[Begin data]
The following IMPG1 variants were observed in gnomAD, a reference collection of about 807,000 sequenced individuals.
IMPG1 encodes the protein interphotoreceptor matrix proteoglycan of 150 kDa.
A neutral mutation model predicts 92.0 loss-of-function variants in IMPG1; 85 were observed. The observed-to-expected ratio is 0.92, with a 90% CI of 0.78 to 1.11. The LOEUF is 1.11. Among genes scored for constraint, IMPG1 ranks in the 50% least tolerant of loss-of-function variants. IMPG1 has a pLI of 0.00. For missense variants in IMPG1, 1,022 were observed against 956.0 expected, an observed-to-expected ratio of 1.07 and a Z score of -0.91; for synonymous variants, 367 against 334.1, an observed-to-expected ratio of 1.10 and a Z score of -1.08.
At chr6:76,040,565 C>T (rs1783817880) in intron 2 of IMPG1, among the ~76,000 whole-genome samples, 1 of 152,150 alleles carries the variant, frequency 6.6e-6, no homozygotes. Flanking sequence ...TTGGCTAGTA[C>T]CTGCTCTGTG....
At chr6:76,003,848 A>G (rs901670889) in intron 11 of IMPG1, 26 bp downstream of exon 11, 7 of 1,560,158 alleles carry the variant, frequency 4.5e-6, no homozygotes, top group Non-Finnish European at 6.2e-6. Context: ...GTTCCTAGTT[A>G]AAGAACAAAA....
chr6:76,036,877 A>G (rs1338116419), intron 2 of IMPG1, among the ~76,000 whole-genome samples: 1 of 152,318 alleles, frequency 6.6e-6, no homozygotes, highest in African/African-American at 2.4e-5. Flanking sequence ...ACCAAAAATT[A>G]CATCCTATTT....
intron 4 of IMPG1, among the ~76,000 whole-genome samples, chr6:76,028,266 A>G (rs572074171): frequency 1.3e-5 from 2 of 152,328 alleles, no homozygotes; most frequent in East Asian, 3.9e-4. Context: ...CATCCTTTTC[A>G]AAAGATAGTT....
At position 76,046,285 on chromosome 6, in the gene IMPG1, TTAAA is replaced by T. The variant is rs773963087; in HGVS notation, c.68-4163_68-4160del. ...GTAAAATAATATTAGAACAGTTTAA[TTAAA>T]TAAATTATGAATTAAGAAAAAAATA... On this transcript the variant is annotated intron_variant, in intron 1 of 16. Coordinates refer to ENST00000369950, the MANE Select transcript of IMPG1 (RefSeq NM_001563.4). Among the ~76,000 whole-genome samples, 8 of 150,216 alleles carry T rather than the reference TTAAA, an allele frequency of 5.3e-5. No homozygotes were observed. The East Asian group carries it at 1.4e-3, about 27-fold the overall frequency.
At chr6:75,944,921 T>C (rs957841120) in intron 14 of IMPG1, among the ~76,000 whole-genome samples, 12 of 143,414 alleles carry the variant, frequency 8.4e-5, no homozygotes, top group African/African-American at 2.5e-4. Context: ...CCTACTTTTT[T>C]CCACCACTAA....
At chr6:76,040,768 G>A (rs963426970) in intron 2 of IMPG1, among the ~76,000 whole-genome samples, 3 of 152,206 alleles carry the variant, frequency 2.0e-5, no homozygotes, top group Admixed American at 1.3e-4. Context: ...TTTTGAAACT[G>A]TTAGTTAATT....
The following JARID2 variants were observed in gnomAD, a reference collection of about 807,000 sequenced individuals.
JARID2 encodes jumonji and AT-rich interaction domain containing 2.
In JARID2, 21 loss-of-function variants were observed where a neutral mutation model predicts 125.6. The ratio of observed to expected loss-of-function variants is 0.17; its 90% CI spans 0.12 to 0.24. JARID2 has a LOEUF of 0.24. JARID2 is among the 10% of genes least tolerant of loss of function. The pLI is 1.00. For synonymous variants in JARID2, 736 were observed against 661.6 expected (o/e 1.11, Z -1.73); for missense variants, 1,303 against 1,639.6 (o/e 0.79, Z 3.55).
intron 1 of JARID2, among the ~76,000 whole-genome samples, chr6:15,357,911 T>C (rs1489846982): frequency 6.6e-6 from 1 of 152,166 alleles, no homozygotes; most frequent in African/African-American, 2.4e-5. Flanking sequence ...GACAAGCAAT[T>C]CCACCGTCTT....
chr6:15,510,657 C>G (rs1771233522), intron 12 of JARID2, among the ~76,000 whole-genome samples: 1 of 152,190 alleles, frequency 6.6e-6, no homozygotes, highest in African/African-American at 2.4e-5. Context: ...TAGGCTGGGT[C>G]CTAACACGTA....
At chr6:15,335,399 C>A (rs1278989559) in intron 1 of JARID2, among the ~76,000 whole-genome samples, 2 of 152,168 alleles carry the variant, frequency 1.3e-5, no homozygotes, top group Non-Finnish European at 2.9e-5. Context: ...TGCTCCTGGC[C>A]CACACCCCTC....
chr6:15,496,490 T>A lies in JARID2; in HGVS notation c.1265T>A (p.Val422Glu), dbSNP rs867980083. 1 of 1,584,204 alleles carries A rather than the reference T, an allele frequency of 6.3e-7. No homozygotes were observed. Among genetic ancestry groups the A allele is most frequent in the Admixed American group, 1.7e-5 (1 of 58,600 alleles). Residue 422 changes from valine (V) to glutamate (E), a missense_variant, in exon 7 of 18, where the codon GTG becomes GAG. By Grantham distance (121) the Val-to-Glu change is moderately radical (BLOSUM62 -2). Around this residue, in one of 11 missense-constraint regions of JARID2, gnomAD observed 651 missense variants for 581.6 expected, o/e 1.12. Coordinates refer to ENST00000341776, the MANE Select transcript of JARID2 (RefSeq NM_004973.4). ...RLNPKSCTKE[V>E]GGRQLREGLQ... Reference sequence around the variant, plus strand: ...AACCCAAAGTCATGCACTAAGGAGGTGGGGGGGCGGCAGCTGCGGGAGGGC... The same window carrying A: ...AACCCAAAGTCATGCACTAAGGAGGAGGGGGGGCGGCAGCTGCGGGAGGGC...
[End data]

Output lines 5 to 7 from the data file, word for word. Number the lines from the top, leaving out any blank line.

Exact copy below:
At chr6:76,003,848 A>G (rs901670889) in intron 11 of IMPG1, 26 bp downstream of exon 11, 7 of 1,560,158 alleles carry the variant, frequency 4.5e-6, no homozygotes, top group Non-Finnish European at 6.2e-6. Context: ...GTTCCTAGTT[A>G]AAGAACAAAA....
chr6:76,036,877 A>G (rs1338116419), intron 2 of IMPG1, among the ~76,000 whole-genome samples: 1 of 152,318 alleles, frequency 6.6e-6, no homozygotes, highest in African/African-American at 2.4e-5. Flanking sequence ...ACCAAAAATT[A>G]CATCCTATTT....
intron 4 of IMPG1, among the ~76,000 whole-genome samples, chr6:76,028,266 A>G (rs572074171): frequency 1.3e-5 from 2 of 152,328 alleles, no homozygotes; most frequent in East Asian, 3.9e-4. Context: ...CATCCTTTTC[A>G]AAAGATAGTT....